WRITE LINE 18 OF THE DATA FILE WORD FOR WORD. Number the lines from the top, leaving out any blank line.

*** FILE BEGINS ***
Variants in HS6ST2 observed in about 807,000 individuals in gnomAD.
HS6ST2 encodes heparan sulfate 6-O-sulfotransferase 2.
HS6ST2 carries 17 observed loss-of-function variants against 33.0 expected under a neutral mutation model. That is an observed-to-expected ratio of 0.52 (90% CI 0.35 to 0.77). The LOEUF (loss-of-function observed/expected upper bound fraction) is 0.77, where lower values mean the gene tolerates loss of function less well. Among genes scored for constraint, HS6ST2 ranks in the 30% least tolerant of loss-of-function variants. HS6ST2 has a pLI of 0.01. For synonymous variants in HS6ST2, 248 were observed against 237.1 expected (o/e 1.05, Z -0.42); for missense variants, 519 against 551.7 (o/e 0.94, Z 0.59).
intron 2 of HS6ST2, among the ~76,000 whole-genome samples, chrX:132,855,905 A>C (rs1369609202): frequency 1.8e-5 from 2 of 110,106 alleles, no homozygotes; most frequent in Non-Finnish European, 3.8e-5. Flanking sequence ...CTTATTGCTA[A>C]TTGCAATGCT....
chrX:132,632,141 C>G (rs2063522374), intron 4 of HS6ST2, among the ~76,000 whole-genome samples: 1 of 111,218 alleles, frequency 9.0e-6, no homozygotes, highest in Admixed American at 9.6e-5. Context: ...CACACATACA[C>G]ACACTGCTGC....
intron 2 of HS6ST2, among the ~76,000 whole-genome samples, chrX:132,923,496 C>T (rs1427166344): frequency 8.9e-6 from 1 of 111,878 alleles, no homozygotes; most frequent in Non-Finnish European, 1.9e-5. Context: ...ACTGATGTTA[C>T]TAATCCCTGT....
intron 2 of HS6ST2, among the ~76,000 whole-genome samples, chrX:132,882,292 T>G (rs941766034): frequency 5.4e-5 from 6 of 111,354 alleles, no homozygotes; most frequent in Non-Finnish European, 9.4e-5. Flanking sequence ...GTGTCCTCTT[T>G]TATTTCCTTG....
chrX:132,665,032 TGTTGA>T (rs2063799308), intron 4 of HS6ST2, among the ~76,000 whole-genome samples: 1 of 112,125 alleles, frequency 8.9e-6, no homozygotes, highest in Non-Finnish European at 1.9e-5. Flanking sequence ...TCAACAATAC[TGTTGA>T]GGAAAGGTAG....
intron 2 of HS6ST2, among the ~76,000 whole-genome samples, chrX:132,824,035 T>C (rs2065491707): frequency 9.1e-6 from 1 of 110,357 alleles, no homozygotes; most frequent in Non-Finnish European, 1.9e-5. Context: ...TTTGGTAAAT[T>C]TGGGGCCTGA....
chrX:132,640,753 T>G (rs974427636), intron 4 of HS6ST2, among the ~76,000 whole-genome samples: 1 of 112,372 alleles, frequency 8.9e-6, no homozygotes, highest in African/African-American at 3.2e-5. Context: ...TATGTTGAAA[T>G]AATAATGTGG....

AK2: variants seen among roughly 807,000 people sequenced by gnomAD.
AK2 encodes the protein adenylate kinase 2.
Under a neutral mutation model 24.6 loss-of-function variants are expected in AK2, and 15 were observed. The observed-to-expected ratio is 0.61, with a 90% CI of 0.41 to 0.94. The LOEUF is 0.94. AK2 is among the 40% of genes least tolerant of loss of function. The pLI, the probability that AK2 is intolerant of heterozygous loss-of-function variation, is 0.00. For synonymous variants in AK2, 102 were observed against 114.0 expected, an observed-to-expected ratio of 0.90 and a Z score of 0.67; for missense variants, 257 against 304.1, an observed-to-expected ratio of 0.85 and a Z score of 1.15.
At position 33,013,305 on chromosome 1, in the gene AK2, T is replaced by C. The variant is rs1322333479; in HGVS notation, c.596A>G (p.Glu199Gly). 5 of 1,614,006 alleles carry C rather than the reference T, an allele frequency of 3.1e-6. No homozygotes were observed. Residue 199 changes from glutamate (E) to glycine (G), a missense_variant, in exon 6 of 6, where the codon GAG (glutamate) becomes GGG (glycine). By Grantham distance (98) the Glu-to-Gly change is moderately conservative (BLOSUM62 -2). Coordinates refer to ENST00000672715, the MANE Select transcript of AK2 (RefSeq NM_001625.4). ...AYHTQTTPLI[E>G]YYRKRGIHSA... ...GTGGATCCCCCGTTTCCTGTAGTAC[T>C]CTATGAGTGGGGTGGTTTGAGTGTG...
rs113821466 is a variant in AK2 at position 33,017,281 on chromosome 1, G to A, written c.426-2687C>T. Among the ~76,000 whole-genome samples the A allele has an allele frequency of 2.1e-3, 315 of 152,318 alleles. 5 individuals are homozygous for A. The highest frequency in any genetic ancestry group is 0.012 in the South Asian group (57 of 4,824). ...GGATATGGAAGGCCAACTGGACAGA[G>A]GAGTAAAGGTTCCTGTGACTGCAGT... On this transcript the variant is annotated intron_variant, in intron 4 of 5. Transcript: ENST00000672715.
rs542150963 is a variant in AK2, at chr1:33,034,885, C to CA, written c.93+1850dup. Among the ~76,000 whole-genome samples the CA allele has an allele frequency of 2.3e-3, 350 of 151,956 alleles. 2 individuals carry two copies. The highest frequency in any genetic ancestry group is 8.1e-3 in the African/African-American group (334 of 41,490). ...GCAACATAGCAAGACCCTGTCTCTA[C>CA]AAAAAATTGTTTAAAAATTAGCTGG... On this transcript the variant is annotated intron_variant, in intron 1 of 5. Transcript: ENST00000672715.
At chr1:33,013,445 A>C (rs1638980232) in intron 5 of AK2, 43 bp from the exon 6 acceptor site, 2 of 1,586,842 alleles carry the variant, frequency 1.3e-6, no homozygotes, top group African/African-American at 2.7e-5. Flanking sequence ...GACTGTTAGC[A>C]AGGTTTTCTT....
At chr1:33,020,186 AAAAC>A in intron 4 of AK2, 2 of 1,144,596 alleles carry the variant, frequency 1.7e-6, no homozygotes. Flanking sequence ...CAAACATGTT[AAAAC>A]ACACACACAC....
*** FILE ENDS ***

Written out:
At chr1:33,020,186 AAAAC>A in intron 4 of AK2, 2 of 1,144,596 alleles carry the variant, frequency 1.7e-6, no homozygotes. Flanking sequence ...CAAACATGTT[AAAAC>A]ACACACACAC....